Festivals are very important to the Bhutanese people. From places far and away, thronging the festival values as a family get-together donning the best attire packing the best cuisines they can ever make- they come to pray and revel the occasion. As most festivals are religious, people hardly miss the festival and more importantly, all the festivals allows to gain good merits for rebirth.
- Masked DancesBhutan has a long tradition of colorful religious festivals. They are integral part of the cultural and spiritual life of the Bhutanese people. Bhutanese believe that everyone must attend a religious festival and witness the mask dances at least once to receive blessings.Mask dance or Chhams are usually performed during Tshechus celebrations. Mask dance personify communal occasions, passing seasons, and shared feelings and experiences. Mask dances that are performed in the Dzongs are crucial for unifying people and help them know more about their place, culture, and history. Besides, mask dances also deliver religious messages to people. It is believed that they ward off evils and misfortunes by invoking to their deities during the performance.
Chhams or religious mask dances have been classified into three groups: dramatic dances that push morality, dances that protect people from harmful spirits, and one that celebrates victories.
- Day 1 Paro –Thimphu: As the flight descends, you will experience a thrilling taxiing of a plane. After a quick reception by your guide, your journey progresses in Bhutan and an hour later, you are in the capital city of Bhutan- Thimphu. En route to Thimphu on the midway, a small halt awaits. You will have a relaxing moment after your tiring flight; the 14th-century temple offers you a relaxing atmosphere to set a welcome mood to Bhutan. After checking into your hotel, attempt a walk along the busiest streets of Thimphu. The walk helps you to acclimatize better.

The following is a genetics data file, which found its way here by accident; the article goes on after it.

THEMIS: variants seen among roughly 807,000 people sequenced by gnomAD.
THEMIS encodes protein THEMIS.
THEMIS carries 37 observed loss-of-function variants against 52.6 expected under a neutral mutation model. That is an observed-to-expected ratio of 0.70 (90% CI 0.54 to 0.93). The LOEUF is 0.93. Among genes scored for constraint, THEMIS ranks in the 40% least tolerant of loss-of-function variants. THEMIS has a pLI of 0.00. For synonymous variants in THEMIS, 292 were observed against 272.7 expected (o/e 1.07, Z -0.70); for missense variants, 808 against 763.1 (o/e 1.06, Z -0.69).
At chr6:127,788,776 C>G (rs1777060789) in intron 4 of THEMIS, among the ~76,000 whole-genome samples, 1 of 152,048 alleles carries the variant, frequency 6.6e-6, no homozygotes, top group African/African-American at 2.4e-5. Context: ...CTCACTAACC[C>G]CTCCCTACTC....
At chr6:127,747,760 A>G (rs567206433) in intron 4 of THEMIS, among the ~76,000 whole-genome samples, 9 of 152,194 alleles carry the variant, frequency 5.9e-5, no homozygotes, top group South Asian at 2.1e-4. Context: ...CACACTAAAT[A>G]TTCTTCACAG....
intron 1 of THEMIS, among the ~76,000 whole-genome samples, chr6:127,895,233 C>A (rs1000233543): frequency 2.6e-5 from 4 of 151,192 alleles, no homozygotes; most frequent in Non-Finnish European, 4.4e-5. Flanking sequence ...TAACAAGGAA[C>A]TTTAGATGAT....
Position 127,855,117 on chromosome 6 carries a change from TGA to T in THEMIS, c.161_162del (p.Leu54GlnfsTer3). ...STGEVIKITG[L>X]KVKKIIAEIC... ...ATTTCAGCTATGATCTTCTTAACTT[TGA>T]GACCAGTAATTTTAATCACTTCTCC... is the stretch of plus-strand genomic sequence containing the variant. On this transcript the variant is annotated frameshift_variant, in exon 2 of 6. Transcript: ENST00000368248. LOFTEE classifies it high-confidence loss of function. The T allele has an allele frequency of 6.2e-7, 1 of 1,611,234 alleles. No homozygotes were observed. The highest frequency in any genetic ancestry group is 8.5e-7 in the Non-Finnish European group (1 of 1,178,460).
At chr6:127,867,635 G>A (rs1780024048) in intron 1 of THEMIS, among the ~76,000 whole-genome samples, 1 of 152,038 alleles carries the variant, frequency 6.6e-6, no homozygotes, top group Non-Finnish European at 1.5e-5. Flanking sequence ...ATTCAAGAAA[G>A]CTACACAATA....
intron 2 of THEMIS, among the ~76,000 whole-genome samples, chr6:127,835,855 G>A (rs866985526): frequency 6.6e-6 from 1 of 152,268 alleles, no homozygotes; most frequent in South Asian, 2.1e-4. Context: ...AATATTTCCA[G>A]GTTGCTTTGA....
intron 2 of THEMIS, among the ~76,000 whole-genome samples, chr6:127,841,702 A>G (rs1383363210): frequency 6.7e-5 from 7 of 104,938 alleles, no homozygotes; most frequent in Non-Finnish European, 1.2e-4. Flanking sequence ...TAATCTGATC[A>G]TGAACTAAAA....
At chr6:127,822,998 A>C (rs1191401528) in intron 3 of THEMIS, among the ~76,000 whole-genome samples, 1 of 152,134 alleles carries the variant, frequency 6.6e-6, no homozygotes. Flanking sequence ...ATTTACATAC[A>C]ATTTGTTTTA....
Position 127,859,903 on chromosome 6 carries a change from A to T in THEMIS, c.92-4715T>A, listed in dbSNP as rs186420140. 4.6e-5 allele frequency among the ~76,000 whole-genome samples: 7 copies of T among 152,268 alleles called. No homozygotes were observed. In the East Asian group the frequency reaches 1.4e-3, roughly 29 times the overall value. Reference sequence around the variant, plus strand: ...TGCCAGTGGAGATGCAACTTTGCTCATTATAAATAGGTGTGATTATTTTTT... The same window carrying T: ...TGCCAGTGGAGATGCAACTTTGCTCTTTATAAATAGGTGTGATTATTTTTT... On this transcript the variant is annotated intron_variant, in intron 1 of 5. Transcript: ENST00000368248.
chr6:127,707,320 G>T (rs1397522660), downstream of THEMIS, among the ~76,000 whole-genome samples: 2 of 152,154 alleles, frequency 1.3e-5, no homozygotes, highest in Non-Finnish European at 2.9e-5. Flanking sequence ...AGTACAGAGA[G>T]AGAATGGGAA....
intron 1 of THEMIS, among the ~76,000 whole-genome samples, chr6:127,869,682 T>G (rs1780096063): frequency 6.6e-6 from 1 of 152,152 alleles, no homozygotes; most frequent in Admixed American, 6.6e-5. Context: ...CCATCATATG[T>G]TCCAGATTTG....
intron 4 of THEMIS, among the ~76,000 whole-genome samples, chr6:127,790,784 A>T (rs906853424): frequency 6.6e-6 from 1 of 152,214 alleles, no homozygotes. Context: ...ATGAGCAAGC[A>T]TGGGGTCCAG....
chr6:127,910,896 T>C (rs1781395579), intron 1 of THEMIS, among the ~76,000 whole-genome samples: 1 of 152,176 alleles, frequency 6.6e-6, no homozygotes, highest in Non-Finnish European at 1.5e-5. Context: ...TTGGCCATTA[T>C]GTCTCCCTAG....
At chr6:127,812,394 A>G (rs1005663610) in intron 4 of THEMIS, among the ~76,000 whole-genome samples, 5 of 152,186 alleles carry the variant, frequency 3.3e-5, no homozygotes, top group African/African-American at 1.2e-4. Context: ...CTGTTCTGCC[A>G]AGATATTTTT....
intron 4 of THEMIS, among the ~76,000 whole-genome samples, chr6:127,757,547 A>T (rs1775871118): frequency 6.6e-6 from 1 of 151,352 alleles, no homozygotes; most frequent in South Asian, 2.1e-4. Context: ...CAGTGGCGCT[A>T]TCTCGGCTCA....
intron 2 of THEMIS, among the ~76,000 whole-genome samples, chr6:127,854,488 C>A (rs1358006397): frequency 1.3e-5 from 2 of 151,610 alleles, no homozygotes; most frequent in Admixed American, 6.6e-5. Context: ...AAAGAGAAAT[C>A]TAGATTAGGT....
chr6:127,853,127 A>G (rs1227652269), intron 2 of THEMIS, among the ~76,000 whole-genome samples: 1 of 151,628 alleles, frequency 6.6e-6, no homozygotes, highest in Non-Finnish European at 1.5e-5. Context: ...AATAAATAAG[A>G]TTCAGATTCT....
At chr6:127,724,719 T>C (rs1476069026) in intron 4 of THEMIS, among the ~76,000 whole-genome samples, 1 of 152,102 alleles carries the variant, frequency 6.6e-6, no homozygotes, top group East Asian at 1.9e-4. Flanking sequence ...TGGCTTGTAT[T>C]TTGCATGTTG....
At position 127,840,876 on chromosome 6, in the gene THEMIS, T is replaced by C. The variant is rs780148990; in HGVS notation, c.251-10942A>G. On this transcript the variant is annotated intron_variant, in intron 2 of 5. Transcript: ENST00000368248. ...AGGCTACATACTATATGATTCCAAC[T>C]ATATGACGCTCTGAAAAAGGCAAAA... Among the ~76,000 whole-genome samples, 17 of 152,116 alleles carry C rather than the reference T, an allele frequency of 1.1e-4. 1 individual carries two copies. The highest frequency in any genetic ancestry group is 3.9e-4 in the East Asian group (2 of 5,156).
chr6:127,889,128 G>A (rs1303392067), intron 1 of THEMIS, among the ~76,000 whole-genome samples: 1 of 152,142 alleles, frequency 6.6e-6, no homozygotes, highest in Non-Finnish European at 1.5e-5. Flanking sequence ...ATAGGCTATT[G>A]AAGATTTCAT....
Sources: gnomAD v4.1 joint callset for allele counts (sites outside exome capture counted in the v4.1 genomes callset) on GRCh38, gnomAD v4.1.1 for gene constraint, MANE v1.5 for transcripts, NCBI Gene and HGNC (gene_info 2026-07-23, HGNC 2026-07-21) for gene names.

- Day 2 Thimphu: For today we make scenic drives to various locations at the outskirts of the capital city of Bhutan. Cruising through ancient valleys in the closure of nature, we will return to the capitals thriving acre, we make a visit to historical, cultural and religious attractions. Most of the time, all the visit include viewpoints at the top of the hills to see the views of Thimphu.
- Day 3 Thimphu-Punakha: Bit early on the schedule, we traverse into the depths of the Western territories. The destination- Punakha, and Wangduephodrang is in the cocoon of medieval setting. It takes two-hours from Thimphu to the destination of the day. The western districts stood witness at scores of historical transition of the country, even to the unification of the country. Onto destination bound, the drive is one of the most scenics of the tour. Additionally, the stopover at the mountain pass- Do Chula at 3100 meters offers the panoramic vista of perennial snowcapped mountains to the North. On a clear weather, one can count 10 mountain peaks, the peaks are collectively known as ‘Jigme Singye Wangchuck Mountain Range’ after the name of Fourth King of Bhutan. Before reaching our destination, we drive to the ‘temple of fertility’ renowned for blessing infertile couples with children.
- Day 4 Punakha-Phobjikha: Driving gradually to the glacial valley of Phobjikha at 3,500m, we see Bhutan’s biggest stretch of plains in the north which has been adopted by the migratory endangered Black-Necked Crane as its winter home. There is an air of deep spirituality about this place as well as the iconic Gangtey Monastery, the seat of the revered Peling Branch of Vajrayana Buddhism, is located atop a knoll.